The National Park Service's Southeast Arizona Group (SEAZ) includes Coronado National Memorial, Chiricahua National Monument, and Fort Bowie National Historic Site. The trio of parks are managed by one leadership team, headed by a superintendent. The close collaboration between these park units benefits nearly every aspect of operation.
Every park in the group is unique in its own right: the cultural history of Fort Bowie and the shaping of the American West, the geologic grandeur of the standing rocks at Chiricahua, and the Spanish history and rich landscape of Coronado National Memorial. Yet each park shares more in common than geography alone. SEAZ Group parks are protected areas where important historical events took place, and where crucial biological habitats intersect. While Fort Bowie and Coronado were established as historical sites they both have fascinating natural history, and alternately, Chiricahua - known for it's "wonderland of rocks" - also shares a powerful cultural history involving European settlers and Apache Indians.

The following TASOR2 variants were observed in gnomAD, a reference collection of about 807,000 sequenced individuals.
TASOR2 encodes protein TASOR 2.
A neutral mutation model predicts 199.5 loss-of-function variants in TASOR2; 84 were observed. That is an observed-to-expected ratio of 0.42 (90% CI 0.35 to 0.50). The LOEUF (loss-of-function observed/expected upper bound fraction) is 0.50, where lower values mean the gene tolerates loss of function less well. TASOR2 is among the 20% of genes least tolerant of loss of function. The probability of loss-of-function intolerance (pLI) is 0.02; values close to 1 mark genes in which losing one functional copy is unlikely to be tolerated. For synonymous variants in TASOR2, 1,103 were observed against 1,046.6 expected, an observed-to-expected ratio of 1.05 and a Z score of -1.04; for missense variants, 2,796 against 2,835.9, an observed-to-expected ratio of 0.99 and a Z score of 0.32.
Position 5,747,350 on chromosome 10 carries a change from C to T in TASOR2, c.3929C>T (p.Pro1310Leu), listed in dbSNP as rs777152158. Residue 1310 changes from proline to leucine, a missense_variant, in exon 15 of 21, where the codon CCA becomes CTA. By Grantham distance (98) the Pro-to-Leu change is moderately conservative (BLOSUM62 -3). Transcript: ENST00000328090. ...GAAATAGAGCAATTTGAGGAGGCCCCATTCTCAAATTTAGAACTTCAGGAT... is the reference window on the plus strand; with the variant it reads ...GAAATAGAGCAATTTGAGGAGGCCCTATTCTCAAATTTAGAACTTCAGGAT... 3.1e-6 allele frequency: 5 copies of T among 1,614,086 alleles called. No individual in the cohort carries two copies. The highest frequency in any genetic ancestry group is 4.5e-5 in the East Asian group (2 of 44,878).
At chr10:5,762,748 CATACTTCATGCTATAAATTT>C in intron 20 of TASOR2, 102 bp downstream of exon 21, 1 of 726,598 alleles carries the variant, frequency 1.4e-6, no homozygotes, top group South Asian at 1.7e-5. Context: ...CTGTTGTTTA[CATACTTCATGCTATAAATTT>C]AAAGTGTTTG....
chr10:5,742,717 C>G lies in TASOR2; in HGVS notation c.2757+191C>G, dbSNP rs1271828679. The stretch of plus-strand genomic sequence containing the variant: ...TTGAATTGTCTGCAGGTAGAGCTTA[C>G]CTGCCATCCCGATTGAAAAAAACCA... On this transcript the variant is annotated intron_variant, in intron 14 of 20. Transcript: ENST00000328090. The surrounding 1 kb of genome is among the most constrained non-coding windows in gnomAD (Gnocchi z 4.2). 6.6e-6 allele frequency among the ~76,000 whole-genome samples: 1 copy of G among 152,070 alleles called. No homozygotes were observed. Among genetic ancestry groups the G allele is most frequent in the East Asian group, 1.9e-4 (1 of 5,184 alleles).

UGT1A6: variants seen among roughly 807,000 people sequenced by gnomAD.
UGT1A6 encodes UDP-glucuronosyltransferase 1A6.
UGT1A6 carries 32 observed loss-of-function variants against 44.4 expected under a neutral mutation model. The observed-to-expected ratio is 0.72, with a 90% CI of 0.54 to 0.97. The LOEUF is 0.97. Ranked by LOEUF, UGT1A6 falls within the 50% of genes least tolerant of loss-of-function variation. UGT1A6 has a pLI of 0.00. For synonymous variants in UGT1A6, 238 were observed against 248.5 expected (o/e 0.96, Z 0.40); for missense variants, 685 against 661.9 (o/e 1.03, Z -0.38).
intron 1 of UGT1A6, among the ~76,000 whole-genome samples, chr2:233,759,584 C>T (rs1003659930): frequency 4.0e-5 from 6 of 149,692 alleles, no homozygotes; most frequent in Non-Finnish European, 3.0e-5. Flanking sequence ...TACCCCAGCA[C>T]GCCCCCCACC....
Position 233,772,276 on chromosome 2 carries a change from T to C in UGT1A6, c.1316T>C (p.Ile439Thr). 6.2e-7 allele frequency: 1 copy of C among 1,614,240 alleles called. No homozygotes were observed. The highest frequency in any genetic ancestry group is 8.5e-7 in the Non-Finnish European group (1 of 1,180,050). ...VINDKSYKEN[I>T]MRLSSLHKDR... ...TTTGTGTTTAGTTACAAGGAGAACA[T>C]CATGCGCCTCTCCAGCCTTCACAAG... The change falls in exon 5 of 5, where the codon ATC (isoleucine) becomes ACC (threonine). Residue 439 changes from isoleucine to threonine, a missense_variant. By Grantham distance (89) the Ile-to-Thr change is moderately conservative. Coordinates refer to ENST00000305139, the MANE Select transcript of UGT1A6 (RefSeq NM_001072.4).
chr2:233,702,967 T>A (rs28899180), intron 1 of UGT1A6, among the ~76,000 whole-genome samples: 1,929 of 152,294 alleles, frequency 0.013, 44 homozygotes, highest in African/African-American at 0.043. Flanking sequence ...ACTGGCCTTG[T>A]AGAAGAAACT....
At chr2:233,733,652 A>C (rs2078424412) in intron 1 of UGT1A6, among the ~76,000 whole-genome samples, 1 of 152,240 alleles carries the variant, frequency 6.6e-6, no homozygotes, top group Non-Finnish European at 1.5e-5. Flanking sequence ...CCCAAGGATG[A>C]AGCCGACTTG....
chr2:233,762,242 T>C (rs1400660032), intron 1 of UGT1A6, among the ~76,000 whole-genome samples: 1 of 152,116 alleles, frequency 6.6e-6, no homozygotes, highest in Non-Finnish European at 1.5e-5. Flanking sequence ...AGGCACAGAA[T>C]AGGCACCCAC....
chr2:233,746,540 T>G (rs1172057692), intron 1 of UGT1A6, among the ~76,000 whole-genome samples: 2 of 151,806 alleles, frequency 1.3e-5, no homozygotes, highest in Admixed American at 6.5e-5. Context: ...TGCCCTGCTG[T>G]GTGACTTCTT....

The Southeast Arizona Group plays an important role in the local communities of Sierra Vista, Hereford, Willcox, Bisbee, Bowie and more, by bringing tourism dollars and jobs to the region. A National Park Service report showed that 201,211 visitors in 2010 spent $8,076,000 in the group’s three parks, and in nearby communities. The spending at these three parks supported 110 jobs in several local areas.